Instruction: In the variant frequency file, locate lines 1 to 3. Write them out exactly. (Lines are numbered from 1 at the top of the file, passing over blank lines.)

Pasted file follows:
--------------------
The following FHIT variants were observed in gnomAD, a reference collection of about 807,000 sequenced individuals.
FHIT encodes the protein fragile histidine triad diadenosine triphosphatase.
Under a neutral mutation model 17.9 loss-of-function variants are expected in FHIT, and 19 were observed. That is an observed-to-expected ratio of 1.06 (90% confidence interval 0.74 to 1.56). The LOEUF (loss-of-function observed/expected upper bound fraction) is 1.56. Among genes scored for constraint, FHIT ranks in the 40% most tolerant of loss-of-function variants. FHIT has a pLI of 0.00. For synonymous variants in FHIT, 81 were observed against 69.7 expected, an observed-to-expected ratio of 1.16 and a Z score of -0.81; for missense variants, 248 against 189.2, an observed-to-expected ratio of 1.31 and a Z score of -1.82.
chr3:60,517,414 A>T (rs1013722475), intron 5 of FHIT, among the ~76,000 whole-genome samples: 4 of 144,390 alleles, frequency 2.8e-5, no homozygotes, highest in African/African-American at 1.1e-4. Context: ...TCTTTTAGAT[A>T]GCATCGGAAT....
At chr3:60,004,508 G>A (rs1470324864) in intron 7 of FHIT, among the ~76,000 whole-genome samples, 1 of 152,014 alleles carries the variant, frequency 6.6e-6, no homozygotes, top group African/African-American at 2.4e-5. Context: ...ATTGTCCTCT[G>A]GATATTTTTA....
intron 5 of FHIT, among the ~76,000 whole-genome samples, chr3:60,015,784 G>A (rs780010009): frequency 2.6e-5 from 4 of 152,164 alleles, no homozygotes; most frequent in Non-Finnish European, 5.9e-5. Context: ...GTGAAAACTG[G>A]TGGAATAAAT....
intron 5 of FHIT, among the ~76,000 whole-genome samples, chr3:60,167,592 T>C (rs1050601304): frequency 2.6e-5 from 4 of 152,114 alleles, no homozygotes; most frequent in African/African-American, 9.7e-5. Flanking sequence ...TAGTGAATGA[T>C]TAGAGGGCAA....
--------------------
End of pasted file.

The following FHIT variants were observed in gnomAD, a reference collection of about 807,000 sequenced individuals.
FHIT encodes the protein fragile histidine triad diadenosine triphosphatase.
Under a neutral mutation model 17.9 loss-of-function variants are expected in FHIT, and 19 were observed. That is an observed-to-expected ratio of 1.06 (90% confidence interval 0.74 to 1.56). The LOEUF (loss-of-function observed/expected upper bound fraction) is 1.56. Among genes scored for constraint, FHIT ranks in the 40% most tolerant of loss-of-function variants. FHIT has a pLI of 0.00. For synonymous variants in FHIT, 81 were observed against 69.7 expected, an observed-to-expected ratio of 1.16 and a Z score of -0.81; for missense variants, 248 against 189.2, an observed-to-expected ratio of 1.31 and a Z score of -1.82.